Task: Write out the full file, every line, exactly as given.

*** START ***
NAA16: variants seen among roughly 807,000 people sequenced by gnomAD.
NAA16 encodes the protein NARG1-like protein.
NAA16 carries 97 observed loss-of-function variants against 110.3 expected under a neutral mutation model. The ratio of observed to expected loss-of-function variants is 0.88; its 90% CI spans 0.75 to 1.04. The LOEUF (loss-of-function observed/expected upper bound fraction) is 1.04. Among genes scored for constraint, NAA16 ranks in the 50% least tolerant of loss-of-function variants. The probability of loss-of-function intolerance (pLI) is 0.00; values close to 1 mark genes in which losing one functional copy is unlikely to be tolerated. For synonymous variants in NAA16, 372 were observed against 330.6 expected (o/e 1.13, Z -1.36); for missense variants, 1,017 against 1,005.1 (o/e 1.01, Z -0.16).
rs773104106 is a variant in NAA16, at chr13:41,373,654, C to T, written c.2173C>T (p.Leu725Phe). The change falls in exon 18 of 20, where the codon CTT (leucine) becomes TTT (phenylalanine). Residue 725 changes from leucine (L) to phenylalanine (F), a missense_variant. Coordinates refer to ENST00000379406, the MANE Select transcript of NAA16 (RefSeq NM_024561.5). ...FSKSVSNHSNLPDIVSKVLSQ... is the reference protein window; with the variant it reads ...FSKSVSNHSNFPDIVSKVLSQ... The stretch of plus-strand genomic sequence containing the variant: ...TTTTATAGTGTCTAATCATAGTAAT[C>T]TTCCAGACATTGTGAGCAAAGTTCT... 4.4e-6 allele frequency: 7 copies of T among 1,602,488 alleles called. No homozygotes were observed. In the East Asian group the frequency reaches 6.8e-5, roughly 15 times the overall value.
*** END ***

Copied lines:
NAA16: variants seen among roughly 807,000 people sequenced by gnomAD.
NAA16 encodes the protein NARG1-like protein.
NAA16 carries 97 observed loss-of-function variants against 110.3 expected under a neutral mutation model. The ratio of observed to expected loss-of-function variants is 0.88; its 90% CI spans 0.75 to 1.04. The LOEUF (loss-of-function observed/expected upper bound fraction) is 1.04. Among genes scored for constraint, NAA16 ranks in the 50% least tolerant of loss-of-function variants. The probability of loss-of-function intolerance (pLI) is 0.00; values close to 1 mark genes in which losing one functional copy is unlikely to be tolerated. For synonymous variants in NAA16, 372 were observed against 330.6 expected (o/e 1.13, Z -1.36); for missense variants, 1,017 against 1,005.1 (o/e 1.01, Z -0.16).
rs773104106 is a variant in NAA16, at chr13:41,373,654, C to T, written c.2173C>T (p.Leu725Phe). The change falls in exon 18 of 20, where the codon CTT (leucine) becomes TTT (phenylalanine). Residue 725 changes from leucine (L) to phenylalanine (F), a missense_variant. Coordinates refer to ENST00000379406, the MANE Select transcript of NAA16 (RefSeq NM_024561.5). ...FSKSVSNHSNLPDIVSKVLSQ... is the reference protein window; with the variant it reads ...FSKSVSNHSNFPDIVSKVLSQ... The stretch of plus-strand genomic sequence containing the variant: ...TTTTATAGTGTCTAATCATAGTAAT[C>T]TTCCAGACATTGTGAGCAAAGTTCT... 4.4e-6 allele frequency: 7 copies of T among 1,602,488 alleles called. No homozygotes were observed. In the East Asian group the frequency reaches 6.8e-5, roughly 15 times the overall value.